Trump’s Own Budget Office Puts the Brakes on Proposed Religious Imposition Rule

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Trump’s Own Budget Office Puts the Brakes on Proposed Religious Imposition Rule

Katelyn Burns

"OMB’s delayed approval recognizes that the Department sacrificed the administrative processes designed to promote good government in order to satisfy the ideological zealousness of a handful of Trump appointees."

The Office of Management and Budget (OMB) delayed the rollout of a proposed U.S. Department of Health and Human Services (HHS) religious imposition rule that seeks broad authority to implement so-called conscience protections that give an out to health-care providers who don’t want to treat LGBTQ patients or provide reproductive health care, including contraception, miscarriage management, and abortion care.

OMB’s comment, released last week, indicated that HHS has to summarize and respond to public comments, as well as report on comments that were incorporated into the new rule, as Modern Healthcare first reported. The proposed rule announced in January, called “Protecting Statutory Conscience Rights in Health Care; Delegations of Authority,” seeks to protect health care providers who object to giving care which may violate their religious beliefs. Health and LGBTQ rights advocates were quick to condemn the new rule when it was first announced.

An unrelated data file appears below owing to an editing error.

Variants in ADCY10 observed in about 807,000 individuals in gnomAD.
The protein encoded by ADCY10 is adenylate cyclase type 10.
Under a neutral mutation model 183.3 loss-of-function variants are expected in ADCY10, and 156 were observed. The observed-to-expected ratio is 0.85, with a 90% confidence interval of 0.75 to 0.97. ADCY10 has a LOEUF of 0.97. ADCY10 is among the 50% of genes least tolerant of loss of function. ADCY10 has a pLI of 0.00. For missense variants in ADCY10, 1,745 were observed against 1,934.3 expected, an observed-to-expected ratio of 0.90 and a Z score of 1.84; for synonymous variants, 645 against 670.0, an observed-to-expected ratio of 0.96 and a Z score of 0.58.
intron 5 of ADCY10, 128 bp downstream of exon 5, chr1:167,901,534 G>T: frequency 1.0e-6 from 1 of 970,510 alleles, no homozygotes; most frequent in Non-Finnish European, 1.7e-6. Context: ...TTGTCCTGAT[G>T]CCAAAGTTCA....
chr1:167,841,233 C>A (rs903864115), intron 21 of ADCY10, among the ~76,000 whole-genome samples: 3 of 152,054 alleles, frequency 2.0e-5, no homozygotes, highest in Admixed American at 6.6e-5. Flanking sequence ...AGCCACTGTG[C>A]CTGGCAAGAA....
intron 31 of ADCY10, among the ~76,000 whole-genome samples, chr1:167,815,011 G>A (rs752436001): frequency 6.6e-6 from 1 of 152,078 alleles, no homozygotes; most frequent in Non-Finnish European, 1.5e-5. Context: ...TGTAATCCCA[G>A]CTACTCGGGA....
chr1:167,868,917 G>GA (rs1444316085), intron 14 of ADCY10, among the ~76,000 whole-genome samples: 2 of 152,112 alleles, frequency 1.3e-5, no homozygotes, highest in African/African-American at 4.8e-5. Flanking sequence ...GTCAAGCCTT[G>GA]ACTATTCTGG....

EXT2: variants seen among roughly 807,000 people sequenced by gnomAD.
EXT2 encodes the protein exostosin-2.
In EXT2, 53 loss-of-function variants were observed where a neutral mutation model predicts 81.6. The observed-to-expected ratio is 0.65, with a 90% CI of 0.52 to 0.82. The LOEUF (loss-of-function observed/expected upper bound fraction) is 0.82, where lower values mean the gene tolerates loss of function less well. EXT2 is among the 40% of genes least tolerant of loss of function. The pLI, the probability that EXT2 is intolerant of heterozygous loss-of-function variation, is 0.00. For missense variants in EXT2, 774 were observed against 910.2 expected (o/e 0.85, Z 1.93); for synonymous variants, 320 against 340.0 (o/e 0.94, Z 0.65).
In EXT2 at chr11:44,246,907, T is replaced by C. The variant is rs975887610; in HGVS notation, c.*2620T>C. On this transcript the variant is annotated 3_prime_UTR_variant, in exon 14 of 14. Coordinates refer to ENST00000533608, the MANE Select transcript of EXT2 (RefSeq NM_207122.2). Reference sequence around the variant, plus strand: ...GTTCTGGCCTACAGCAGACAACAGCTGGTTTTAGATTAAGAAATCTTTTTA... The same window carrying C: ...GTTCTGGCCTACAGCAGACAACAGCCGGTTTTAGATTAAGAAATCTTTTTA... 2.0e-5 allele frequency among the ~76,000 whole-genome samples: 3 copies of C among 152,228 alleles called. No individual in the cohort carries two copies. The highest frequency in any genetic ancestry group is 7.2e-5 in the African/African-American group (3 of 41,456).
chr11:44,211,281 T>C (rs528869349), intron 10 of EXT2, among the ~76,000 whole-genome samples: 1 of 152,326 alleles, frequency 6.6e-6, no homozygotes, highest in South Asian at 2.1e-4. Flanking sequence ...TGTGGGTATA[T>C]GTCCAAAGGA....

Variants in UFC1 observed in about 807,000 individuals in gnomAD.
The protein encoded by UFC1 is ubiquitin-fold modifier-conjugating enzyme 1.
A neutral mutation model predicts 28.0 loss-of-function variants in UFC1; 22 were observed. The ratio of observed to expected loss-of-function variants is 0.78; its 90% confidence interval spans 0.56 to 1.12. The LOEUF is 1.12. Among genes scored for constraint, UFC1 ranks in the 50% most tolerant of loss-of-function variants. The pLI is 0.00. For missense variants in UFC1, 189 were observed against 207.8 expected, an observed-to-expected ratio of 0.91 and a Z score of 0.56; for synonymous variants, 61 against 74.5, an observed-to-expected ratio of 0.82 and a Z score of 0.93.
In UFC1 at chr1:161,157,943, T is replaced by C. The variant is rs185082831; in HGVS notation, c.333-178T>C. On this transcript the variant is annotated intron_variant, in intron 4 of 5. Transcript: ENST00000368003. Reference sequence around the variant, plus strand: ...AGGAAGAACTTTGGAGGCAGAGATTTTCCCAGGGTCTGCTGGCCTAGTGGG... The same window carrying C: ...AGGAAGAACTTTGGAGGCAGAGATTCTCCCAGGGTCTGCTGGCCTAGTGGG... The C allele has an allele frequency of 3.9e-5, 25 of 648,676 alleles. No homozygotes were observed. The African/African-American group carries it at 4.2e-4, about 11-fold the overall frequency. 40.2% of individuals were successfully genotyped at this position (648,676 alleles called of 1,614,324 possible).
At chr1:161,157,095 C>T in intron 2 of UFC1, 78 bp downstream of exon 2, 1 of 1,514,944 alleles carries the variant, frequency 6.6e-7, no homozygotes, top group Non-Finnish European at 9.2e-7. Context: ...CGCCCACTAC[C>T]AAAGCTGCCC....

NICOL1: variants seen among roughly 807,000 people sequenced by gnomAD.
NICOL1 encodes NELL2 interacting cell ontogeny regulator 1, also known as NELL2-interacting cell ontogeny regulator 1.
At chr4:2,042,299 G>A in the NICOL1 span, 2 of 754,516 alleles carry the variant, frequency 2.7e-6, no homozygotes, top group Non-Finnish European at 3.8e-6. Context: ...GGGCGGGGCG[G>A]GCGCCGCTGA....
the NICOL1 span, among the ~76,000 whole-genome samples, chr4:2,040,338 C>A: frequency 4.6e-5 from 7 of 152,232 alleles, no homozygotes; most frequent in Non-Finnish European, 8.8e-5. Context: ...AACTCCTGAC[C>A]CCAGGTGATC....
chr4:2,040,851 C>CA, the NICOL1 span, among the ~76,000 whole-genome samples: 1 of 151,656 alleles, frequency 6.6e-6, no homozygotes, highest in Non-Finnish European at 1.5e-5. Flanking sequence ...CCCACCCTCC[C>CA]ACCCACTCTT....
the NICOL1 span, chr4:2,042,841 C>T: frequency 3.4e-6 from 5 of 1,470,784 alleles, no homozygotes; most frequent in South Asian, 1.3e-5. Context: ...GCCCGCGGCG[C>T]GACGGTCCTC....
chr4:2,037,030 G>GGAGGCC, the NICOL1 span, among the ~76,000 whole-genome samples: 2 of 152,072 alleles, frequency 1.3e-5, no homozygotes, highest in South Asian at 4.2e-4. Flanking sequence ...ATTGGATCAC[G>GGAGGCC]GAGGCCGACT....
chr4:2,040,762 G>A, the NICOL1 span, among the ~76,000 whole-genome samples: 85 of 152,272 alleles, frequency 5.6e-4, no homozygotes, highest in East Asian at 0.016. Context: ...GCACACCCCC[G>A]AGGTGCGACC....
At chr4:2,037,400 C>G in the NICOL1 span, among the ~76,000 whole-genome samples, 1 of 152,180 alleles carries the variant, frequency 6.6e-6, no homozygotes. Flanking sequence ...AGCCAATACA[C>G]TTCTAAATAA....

Though the final wording of the rule is still being developed, HHS had immediately sought to begin collecting information from health providers on compliance with the proposed rule, such as policies to protect religious objectors and communication of such policies, a request OMB, which works to implement the president’s objectives, has now denied.

Rachel Easter, legal counsel for the National Women’s Law Center (NWLC), told Rewire.News that according to administrative law, HHS is required to read and take into account public comments for proposed rules. OMB’s latest action means that, in order to be in compliance with the Paperwork Reduction Act of 1995—which in part ensures that the general public and interested entities have a say in proposed department rules and regulations—HHS must now release and respond to industry comments before finalizing and fully implementing the rule. Trump’s HHS has flouted federal law regarding disclosure of public comments before, withholding more than 10,000 comments in response to a previous proposal to roll back access to reproductive and transgender care.

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“What’s happening here is that HHS was so eager to push through this discriminatory rule, that they are not following the legal process administrative action,” Easter said in an interview. “So it’s clear that here they were not adequately considering the voices of those who are opposed to this rule and they just wanted to push ahead and not even take the time to read the more than 72,000 comments in response.”